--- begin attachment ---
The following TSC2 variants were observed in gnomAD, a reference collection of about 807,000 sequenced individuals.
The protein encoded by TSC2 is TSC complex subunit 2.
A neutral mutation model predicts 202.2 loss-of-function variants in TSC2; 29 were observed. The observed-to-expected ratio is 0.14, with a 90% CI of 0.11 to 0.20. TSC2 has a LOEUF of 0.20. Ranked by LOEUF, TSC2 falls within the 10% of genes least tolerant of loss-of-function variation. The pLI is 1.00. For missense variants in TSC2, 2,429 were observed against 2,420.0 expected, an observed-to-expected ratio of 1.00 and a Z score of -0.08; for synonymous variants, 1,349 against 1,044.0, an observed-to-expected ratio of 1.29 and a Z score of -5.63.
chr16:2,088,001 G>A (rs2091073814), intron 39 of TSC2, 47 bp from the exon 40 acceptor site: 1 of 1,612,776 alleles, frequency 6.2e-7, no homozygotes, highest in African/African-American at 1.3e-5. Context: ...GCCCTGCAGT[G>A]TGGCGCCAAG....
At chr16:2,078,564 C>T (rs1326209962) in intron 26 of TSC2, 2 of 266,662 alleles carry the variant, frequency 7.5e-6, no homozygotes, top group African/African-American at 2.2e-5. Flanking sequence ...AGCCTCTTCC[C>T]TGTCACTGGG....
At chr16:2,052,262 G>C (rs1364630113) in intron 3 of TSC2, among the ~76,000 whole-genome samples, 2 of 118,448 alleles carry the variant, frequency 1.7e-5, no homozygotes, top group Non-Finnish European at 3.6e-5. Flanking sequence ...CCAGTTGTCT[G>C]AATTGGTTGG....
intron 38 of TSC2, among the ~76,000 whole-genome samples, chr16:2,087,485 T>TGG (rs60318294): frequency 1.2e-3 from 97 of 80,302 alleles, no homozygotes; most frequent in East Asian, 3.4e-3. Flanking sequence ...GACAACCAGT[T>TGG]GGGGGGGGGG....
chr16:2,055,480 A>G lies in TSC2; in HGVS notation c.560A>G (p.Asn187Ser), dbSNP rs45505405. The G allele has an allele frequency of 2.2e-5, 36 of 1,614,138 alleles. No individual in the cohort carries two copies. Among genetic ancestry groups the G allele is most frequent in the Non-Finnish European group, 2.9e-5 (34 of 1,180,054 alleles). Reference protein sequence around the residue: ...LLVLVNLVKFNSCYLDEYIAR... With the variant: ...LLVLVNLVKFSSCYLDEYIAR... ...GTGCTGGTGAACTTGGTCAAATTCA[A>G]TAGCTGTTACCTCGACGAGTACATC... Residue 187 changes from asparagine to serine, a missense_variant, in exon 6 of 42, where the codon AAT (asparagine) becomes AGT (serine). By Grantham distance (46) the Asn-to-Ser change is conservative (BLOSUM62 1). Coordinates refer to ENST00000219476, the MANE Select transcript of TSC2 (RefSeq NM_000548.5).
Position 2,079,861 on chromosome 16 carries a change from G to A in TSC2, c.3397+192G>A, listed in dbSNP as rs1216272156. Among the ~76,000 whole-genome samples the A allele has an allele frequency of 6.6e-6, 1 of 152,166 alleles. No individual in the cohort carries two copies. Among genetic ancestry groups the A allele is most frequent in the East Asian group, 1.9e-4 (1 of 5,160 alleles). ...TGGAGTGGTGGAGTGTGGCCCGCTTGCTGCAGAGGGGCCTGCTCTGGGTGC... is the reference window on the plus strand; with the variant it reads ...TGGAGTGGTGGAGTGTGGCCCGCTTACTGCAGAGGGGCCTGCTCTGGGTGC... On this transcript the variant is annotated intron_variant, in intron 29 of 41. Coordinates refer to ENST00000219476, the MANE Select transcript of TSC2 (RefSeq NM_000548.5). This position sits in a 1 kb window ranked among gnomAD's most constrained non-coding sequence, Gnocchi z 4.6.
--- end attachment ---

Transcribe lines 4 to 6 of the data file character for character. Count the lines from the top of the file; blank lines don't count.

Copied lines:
chr16:2,088,001 G>A (rs2091073814), intron 39 of TSC2, 47 bp from the exon 40 acceptor site: 1 of 1,612,776 alleles, frequency 6.2e-7, no homozygotes, highest in African/African-American at 1.3e-5. Context: ...GCCCTGCAGT[G>A]TGGCGCCAAG....
At chr16:2,078,564 C>T (rs1326209962) in intron 26 of TSC2, 2 of 266,662 alleles carry the variant, frequency 7.5e-6, no homozygotes, top group African/African-American at 2.2e-5. Flanking sequence ...AGCCTCTTCC[C>T]TGTCACTGGG....
At chr16:2,052,262 G>C (rs1364630113) in intron 3 of TSC2, among the ~76,000 whole-genome samples, 2 of 118,448 alleles carry the variant, frequency 1.7e-5, no homozygotes, top group Non-Finnish European at 3.6e-5. Flanking sequence ...CCAGTTGTCT[G>C]AATTGGTTGG....